JPost Editorial: Ten years later

As Israel marks the 10th anniversary of the Second Lebanon War, we must remain vigilant in the face of developments on the northern border.

By
July 7, 2016 20:50
3 minute read.
eldad regev

AN ISRAELI soldier stands near a mobile artillery unit as it fires a shell into southern Lebanon on July 13, 2006, a day after IDF reservists Ehud Goldwasser and Eldad Regev were abducted by Hezbollah. (photo credit: REUTERS)

 
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On July 12, 2006, Hezbollah terrorists attacked an IDF patrol on the Israeli side of the border and abducted two reservists. Prime minister Ehud Olmert, defense minister Amir Peretz and IDF chief of staff Lt.-Gen. Dan Halutz ordered a forceful reaction, which in retrospect marked the start of the Second Lebanon War.

It is clear today that Israel’s political and military leadership committed serious strategic errors. Declarations of victory rang hollow. The inquiry committee headed by judge Eliyahu Winograd – set up just three weeks after the end of the conflict – revealed errors in preparation for, execution of, and the ending of the 2006 Lebanon campaign.

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Still, the IDF has proved it can learn from its mistakes and improve, as befits the military of a healthy democracy that derives its strength from its ability for self-criticism.

And despite all the strategic mistakes made before, during and after the Second Lebanon War, the Israeli tendency for hypercriticism and self-flagellation is misguided.

The war demonstrated that Israel is a strong country. It has the spirit to fight. Its soldiers won each encounter with Hezbollah. The home front displayed great resilience, and the economy continued to thrive as up to 130 rockets and missiles a day fell on civilians in the North.

What has changed over the past decade? Clearly, Hezbollah is much stronger today than it was in 2006. It is no longer a terrorist organization, but an entity with a full-fledged army complete with a command hierarchy and fire power that outstrips most states and openly dominates Lebanon’s political leadership.

If 10 years ago Syria projected its power on its weaker neighbor, today the situation is reversed and Hezbollah formations are crucial to Bashar Assad’s ability to survive.



Hezbollah is said to maintain an army of between 40,000 to 45,000 soldiers divided evenly between conscripts and reservists. It is said to be armed with some 120,000 surface- to-surface rockets and missiles. It possesses drones that it uses in combat in Syria. The combat experience it has gained and the technologies it has obtained from Russia and Iran make Hezbollah a more formidable opponent.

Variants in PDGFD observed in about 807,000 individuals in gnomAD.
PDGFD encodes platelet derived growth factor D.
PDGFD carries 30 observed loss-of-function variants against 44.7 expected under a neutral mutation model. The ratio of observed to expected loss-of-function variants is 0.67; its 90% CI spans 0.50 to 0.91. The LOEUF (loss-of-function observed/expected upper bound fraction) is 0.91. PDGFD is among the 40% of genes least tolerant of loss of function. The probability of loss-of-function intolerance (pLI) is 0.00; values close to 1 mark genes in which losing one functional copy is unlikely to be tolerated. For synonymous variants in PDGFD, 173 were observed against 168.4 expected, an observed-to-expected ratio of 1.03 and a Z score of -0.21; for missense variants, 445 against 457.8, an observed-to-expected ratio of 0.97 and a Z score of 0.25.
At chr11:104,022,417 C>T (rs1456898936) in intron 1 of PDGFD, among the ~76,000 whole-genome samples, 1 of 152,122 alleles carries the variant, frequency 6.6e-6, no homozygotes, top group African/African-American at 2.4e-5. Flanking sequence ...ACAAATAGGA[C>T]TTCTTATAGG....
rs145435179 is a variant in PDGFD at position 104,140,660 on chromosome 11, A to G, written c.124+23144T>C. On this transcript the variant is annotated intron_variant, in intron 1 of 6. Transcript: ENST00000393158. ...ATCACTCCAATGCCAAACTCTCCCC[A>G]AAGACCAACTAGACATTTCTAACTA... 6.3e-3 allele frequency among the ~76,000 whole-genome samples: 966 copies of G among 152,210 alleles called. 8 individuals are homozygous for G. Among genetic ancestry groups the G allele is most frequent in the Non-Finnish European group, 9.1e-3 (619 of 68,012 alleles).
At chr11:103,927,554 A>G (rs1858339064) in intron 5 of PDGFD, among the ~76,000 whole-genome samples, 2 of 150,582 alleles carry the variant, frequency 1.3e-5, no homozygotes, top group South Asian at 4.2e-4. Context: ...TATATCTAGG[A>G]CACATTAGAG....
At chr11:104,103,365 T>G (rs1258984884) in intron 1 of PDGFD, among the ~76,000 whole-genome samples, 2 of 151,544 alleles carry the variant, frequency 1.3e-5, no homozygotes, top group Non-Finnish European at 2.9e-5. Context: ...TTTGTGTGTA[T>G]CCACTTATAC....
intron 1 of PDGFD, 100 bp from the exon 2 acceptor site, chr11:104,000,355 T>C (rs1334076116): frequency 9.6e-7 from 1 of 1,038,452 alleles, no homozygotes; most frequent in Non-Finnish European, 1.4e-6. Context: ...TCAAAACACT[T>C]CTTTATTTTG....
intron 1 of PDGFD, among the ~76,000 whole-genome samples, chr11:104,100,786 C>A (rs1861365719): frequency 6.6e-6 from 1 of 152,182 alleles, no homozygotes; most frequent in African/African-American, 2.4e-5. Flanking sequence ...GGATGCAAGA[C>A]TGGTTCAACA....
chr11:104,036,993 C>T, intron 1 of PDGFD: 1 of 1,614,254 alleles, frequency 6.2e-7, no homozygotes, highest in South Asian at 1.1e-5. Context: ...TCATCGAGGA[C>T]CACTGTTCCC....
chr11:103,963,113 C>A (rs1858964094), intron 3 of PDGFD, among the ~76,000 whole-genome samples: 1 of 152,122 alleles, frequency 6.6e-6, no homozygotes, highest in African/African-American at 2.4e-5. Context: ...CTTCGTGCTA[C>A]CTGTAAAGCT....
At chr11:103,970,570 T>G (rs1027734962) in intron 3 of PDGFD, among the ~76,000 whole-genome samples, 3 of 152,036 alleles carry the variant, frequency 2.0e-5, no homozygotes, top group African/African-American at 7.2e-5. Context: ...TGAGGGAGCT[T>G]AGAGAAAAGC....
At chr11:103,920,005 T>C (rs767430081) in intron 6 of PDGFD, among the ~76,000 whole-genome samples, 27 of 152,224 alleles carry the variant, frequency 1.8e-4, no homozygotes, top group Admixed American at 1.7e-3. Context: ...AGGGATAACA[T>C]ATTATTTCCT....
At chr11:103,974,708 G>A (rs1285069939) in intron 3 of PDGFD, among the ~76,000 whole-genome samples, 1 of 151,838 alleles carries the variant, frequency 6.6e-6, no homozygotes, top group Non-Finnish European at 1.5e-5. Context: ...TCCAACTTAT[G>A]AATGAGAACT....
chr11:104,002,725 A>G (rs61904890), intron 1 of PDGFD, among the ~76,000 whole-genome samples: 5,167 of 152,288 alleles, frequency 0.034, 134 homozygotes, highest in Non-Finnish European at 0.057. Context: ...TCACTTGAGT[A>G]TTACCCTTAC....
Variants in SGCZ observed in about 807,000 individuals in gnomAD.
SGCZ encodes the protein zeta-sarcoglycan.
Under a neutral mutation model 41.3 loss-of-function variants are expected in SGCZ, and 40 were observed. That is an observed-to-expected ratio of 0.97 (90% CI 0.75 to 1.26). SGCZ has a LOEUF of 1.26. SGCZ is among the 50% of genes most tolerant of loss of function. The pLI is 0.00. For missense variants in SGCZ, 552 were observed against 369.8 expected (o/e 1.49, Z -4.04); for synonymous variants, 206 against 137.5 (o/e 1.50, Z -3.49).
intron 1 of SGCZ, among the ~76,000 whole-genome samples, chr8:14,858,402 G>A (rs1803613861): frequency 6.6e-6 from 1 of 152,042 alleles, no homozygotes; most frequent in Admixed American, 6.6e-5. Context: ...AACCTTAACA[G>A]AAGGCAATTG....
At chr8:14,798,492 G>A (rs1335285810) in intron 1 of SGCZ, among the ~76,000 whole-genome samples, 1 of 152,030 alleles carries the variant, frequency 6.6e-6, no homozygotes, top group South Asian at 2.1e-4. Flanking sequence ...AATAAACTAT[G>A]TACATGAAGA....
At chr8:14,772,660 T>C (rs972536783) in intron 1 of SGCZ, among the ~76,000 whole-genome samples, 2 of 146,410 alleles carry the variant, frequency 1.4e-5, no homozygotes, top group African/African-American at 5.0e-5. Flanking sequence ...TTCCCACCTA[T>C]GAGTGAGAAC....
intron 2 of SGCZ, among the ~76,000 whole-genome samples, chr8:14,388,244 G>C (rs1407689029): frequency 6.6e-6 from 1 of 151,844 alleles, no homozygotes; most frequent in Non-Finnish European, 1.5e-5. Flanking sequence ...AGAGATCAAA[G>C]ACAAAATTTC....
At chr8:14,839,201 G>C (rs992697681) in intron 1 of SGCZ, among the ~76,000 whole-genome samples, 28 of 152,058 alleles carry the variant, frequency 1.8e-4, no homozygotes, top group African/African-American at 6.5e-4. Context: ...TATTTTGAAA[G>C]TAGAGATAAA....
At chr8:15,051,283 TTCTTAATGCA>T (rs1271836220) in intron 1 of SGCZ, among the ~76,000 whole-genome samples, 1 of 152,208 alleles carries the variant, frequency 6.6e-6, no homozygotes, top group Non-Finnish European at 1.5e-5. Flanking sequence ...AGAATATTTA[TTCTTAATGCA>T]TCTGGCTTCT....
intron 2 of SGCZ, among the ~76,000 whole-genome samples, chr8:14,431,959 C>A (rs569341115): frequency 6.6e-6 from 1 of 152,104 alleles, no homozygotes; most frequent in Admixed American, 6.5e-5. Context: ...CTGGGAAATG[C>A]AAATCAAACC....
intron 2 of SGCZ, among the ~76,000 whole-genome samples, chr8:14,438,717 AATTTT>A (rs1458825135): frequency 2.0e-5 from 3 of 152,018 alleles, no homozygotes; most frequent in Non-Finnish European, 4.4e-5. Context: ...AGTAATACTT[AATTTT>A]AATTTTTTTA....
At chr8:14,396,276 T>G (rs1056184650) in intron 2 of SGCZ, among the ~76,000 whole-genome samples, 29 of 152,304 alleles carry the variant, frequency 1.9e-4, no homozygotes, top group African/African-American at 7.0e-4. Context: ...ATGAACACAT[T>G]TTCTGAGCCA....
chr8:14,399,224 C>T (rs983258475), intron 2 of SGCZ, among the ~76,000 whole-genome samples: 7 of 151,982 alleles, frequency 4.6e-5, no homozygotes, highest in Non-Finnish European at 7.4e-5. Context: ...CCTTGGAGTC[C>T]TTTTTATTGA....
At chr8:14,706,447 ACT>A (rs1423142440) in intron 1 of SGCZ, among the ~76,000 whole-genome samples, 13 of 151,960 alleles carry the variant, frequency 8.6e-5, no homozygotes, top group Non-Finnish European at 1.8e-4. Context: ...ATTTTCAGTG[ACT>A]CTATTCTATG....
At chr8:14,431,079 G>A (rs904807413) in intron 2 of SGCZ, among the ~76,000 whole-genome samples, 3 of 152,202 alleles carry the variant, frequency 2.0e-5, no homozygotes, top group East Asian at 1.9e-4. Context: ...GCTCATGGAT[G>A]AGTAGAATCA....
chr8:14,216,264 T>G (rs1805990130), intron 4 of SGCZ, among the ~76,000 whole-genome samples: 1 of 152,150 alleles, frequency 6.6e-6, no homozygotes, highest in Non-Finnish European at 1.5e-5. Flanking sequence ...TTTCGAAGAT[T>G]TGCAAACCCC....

At the same time, Hezbollah’s involvement in Syria reduces the chances that it will open a new front with Israel. It has lost more than 1,300 fighters in Syria, and suffered some 5,500 wounded, placing the southern Lebanese Shi’ite community, from where it recruits, under great strain. The “normalization” of Hezbollah – the party controls a third of the parliament in Beirut – makes it more accountable, and vulnerable, than it was in 2006.

As The Jerusalem Post’s Military Correspondent Yaakov Lappin wrote recently, “Any future disastrous military adventure could drag in Israel, and leave Lebanon in ruins. That would also leave Hezbollah’s legitimacy as ‘Lebanon’s protector’ in tatters.” And such a development, said Lappin, “would topple the crutch of Hezbollah that the Assad regime and Iran lean on in Syria, and would have regional implications for the Sunni-Shi’ite war raging across the entire Middle East.”

Nor is Israel in the same place it was a decade ago.

Israel has developed three anti-missile systems: the Arrow which can take out long-range missiles, such as Scud missiles from Syria or Shihab missiles from Iran; Iron Dome, which stops short-range rockets such as Kassams and Katyushas; and David’s Sling, designed to intercept medium-range ballistic weapons, especially highly accurate missiles and large rockets such as Hezbollah’s M-600.

More bomb shelters have been built in the North and Rambam Medical Center in Haifa now has 2,000 hospital beds located underground in case of aerial attack.

One worry that has not yet been resolved is the need to speed up the move of the ammonia production facility from Haifa Bay to the Mishor Rotem Industrial Zone in the Negev. A University of Haifa study found that even if a fifth of the content of Haifa Chemicals’ facility were released as the result of a hit by a Hezbollah rocket, it could kill 15,000 to 17,000 people. The four-year-old government decision to move the plant should implemented quickly.

As Israel marks the 10th anniversary of the Second Lebanon War, we must remain vigilant in the face of developments on the northern border.

We should also remember the bravery exhibited by our soldiers and our citizens in the North who suddenly found themselves on the front line. Israeli society is resilient and Israel’s democratic leadership learns from its mistakes. Hezbollah would be ill advised to test us.

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